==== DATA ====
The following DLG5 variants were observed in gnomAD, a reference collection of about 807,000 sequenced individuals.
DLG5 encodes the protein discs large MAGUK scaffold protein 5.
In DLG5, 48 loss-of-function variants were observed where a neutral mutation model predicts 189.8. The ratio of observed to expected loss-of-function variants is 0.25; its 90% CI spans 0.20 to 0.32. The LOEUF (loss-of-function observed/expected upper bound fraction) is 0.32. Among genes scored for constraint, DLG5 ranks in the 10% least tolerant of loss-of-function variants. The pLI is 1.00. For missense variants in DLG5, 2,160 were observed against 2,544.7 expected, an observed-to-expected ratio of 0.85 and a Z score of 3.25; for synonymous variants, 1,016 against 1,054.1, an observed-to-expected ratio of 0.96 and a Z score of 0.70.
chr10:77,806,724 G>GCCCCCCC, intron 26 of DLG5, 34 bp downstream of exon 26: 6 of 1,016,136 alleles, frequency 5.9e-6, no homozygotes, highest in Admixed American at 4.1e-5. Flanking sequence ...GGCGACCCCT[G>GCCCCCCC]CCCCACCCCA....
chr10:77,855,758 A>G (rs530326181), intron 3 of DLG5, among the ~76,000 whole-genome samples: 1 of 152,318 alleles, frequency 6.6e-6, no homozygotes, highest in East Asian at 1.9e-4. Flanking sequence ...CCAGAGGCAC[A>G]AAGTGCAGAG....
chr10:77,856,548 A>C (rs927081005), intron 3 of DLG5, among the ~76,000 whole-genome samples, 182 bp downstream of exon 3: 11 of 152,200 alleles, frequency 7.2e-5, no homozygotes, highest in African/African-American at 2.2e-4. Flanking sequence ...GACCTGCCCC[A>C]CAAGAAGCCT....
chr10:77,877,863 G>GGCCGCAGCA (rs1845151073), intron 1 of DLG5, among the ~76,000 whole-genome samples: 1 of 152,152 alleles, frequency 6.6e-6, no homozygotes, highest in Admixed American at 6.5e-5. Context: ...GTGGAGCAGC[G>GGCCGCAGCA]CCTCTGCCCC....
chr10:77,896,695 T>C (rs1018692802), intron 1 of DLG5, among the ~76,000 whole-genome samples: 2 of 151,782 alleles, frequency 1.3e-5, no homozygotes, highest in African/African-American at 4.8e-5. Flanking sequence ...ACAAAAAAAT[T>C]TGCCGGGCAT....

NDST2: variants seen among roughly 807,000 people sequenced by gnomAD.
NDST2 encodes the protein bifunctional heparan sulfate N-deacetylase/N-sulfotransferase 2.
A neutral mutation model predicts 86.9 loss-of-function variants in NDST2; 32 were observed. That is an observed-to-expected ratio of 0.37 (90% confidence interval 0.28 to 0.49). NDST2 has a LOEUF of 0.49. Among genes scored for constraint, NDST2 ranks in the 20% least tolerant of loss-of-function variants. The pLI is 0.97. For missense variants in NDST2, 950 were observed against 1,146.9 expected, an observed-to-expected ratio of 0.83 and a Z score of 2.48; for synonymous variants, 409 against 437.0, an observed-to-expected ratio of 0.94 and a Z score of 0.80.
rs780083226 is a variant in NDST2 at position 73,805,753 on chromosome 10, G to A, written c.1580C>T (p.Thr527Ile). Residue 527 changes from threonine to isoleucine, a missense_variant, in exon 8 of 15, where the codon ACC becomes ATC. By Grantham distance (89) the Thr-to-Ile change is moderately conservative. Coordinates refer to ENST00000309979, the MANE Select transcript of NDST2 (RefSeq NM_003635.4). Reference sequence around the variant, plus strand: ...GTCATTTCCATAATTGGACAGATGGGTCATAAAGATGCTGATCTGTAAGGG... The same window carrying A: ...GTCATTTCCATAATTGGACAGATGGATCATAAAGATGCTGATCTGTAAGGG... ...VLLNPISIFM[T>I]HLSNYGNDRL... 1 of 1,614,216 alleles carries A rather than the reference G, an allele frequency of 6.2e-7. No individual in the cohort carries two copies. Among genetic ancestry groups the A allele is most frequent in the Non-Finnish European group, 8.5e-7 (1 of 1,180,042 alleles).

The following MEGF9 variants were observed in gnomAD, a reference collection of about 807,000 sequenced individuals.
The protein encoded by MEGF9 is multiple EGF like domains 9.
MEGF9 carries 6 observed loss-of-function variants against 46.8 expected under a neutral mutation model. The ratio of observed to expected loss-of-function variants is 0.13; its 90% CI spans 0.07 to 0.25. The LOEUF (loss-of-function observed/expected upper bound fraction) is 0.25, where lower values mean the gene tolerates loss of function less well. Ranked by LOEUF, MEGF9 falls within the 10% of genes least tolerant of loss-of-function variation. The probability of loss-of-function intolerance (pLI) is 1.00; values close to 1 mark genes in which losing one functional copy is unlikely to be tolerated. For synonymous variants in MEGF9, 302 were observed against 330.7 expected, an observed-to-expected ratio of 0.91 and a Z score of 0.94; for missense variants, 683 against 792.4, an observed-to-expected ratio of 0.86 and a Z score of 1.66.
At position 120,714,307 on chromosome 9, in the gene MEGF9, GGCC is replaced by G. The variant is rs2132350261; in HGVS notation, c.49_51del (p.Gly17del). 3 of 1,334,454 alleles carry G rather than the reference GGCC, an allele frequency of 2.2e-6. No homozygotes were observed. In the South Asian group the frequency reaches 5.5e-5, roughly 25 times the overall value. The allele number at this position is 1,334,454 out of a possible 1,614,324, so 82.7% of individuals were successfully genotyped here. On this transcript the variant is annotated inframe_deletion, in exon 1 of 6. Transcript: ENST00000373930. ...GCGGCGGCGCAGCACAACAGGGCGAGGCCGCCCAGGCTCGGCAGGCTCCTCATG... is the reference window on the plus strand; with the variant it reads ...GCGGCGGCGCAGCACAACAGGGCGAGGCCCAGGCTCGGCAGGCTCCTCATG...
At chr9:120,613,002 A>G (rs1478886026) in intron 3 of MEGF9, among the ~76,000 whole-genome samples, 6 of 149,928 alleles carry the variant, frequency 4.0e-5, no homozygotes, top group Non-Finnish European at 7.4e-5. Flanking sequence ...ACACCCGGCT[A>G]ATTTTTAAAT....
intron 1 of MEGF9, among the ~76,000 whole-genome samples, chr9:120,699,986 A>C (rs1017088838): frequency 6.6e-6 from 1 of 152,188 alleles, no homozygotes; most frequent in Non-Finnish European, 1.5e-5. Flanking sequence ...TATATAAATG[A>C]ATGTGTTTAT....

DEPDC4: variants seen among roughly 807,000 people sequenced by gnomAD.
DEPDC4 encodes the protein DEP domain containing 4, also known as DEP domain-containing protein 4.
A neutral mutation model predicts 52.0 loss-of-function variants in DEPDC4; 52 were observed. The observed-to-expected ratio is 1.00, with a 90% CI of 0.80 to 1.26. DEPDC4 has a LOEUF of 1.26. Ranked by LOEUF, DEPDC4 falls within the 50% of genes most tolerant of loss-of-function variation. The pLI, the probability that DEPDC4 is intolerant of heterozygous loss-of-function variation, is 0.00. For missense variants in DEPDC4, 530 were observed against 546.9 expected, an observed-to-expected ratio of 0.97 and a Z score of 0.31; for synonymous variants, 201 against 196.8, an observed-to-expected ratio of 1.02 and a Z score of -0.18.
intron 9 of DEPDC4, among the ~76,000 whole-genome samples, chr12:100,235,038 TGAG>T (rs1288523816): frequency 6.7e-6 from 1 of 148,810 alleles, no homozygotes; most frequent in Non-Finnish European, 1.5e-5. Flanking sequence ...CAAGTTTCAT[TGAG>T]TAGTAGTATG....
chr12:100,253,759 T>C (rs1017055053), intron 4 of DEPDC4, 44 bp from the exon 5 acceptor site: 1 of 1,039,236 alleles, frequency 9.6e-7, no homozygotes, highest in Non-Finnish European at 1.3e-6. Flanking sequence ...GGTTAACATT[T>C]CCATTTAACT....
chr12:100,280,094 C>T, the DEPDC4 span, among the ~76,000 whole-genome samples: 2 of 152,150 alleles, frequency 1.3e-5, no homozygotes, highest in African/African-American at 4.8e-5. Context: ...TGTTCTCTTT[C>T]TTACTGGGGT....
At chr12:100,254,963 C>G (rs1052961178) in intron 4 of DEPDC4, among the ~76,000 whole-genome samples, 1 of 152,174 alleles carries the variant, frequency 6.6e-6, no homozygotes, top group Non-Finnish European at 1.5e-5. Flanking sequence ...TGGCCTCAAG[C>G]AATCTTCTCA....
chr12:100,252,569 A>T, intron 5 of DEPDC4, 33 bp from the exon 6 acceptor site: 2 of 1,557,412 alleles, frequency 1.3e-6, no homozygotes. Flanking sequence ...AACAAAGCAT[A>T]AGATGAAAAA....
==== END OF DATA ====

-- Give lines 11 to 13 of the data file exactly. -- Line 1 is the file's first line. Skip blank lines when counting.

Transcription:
A neutral mutation model predicts 86.9 loss-of-function variants in NDST2; 32 were observed. That is an observed-to-expected ratio of 0.37 (90% confidence interval 0.28 to 0.49). NDST2 has a LOEUF of 0.49. Among genes scored for constraint, NDST2 ranks in the 20% least tolerant of loss-of-function variants. The pLI is 0.97. For missense variants in NDST2, 950 were observed against 1,146.9 expected, an observed-to-expected ratio of 0.83 and a Z score of 2.48; for synonymous variants, 409 against 437.0, an observed-to-expected ratio of 0.94 and a Z score of 0.80.
rs780083226 is a variant in NDST2 at position 73,805,753 on chromosome 10, G to A, written c.1580C>T (p.Thr527Ile). Residue 527 changes from threonine to isoleucine, a missense_variant, in exon 8 of 15, where the codon ACC becomes ATC. By Grantham distance (89) the Thr-to-Ile change is moderately conservative. Coordinates refer to ENST00000309979, the MANE Select transcript of NDST2 (RefSeq NM_003635.4). Reference sequence around the variant, plus strand: ...GTCATTTCCATAATTGGACAGATGGGTCATAAAGATGCTGATCTGTAAGGG... The same window carrying A: ...GTCATTTCCATAATTGGACAGATGGATCATAAAGATGCTGATCTGTAAGGG... ...VLLNPISIFM[T>I]HLSNYGNDRL... 1 of 1,614,216 alleles carries A rather than the reference G, an allele frequency of 6.2e-7. No individual in the cohort carries two copies. Among genetic ancestry groups the A allele is most frequent in the Non-Finnish European group, 8.5e-7 (1 of 1,180,042 alleles).

The following MEGF9 variants were observed in gnomAD, a reference collection of about 807,000 sequenced individuals.